Sixty-eight commercials.

Just remember, when you hear worries that the average college football game is getting too long, that’s not a concern for the fans.  It’s a concern for the broadcasters.  And they’re the last people who are going to sacrifice.


Filed under College Football, It's Just Bidness

23 responses to “Sixty-eight commercials.

  1. Let’s just shut the stadiums down and turn them into TV studios. For those who think game length isn’t a problem just isn’t facing facts. The game lasts too long and the TV timeouts are just ridiculous.


    • Scorpio Jones, III

      “Let’s just shut the stadiums down and turn them into TV studios.”

      Sorry, ee, it’s live TV… the stadium is the studio. Without the canned audience applause. Just think, that $5 million will pay for about 1/6 of the IPF.

      I do feel sorry for the folks who still go to games. The view from section HD is better than most, there are shorter lines at the concession stands (not that I eat during a game) and lord knows the bathrooms are cleaner.


      • Scorpio, what I mean is let’s play the games inside empty stadiums because everyone is sitting in section HD and see how compelling it is then. Do something similar to college basketball where the TV timeout occurs at certain points in the game where everyone knows it’s going to happen. The TV timeouts after every possession change are getting ridiculous for those of us who do for lover the money for tickets.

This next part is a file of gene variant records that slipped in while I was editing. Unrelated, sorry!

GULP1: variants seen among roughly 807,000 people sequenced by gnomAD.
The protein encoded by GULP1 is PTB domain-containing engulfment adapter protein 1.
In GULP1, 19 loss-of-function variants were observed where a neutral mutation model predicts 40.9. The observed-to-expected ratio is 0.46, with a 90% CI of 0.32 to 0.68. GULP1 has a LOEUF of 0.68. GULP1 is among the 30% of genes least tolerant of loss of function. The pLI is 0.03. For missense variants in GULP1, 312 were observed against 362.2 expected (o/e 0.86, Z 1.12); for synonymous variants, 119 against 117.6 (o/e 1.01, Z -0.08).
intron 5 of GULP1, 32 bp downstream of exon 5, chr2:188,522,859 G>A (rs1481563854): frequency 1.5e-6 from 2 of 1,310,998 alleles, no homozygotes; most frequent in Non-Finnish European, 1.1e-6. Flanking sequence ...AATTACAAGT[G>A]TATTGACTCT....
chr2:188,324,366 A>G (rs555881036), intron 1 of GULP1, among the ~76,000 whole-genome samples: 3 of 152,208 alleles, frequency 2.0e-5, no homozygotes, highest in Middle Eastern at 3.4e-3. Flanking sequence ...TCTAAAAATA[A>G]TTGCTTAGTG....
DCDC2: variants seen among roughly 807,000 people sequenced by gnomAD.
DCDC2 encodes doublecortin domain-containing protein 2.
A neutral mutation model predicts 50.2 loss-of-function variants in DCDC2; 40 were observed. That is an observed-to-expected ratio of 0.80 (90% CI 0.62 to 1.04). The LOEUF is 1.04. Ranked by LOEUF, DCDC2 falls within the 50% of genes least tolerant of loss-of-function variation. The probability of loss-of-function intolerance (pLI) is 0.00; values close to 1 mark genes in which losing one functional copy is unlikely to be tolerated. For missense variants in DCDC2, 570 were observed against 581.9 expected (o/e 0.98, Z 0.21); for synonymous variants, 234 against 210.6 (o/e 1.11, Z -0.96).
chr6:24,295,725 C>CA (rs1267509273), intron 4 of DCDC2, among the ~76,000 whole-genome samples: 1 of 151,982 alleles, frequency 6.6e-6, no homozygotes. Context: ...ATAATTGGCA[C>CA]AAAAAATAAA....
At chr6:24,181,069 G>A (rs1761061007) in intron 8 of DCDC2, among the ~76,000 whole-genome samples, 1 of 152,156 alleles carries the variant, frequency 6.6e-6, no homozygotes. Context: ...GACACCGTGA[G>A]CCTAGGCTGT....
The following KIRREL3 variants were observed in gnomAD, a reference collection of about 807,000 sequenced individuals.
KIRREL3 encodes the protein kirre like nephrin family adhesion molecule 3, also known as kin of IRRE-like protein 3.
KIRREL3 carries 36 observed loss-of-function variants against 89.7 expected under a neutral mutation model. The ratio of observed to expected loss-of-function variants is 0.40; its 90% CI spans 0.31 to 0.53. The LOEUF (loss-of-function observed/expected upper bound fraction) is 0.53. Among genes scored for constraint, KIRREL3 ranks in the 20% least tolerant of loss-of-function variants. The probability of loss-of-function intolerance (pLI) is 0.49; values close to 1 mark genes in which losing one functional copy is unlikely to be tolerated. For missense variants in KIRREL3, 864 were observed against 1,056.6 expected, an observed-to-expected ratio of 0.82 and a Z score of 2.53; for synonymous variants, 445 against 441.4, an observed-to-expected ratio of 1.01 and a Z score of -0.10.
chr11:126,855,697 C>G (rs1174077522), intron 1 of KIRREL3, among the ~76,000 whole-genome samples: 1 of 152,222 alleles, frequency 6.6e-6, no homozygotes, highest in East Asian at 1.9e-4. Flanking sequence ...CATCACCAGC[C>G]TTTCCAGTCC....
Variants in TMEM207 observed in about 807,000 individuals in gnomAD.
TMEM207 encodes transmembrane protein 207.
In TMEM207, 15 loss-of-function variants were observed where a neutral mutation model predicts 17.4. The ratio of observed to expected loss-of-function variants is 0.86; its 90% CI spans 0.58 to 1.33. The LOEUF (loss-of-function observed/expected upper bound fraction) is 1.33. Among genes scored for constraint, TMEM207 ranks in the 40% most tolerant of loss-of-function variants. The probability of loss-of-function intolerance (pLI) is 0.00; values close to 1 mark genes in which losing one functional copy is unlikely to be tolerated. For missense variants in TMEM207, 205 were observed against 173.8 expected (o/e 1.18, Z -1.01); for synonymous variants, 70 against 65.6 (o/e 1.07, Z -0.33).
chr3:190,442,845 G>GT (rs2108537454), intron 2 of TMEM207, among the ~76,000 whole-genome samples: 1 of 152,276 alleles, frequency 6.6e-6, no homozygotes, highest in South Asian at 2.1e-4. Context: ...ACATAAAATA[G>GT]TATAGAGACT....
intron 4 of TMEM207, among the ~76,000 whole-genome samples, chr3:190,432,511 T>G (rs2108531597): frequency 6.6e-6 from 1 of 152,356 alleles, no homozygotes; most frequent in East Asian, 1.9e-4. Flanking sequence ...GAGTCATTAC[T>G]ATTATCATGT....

• Scorpio Jones, III

          ee, the commercials are just as big a pain in the ass for the TV crowd as they are for the live bunch. Just think, in the stadium, you have the opportunity of bonding with all the folks around you. All I can do is fidget and bitch. Of course one of the reasons I gave up my season tickets after like 50 years was bonding with the folks around me.

          And no argument about the loss of the sense of the game with no live audience, that even translates through the TV set.

          Lets write a book on how to occupy your mind during commercials during a close football game. (In or out of the stadium).


          • You can pause your DVR, run to the restroom, complain about a Carlton Thomas draw play on 3rd and long, and grab a beer and still not miss a thing. If you tried to do all of that in the stadium, you would miss a quarter of the game in that case. Instead, you sit in the bleachers and wait for the guy in the red hat to signal that the WWL is back from ads and the spittle of Lou Holtz.


      • Debby Balcer

        The atmosphere can not compare. Watching it live is so much better than tv plus I miss the commercials.


  2. Bill

    Is it just me or does it go to this page every time you try and link a CBS page?

    What am I doing wrong here?


  3. Macallanlover

    I don’t mind the length of games as much as I do the interruption to the flow of the game. If you told me the favorite sports entertainment I watch would last 3 1/2 hours, I wouldn’t care at all….time well spent. But when we go to commercials on back to back plays, and then again in three more minutes it becomes annoying. Perhaps the commercials, with a number of exceptions, should be scrawls along the bottom of the screen during game action. Those would be more numerous, at a lesser cost, but could reduce both the length of games and interruptions. I can do without the score updates on the screen and get them from another source (phone, tablet, etc.) The real problem isn’t the length of the game, it is the starting and stopping at silly times.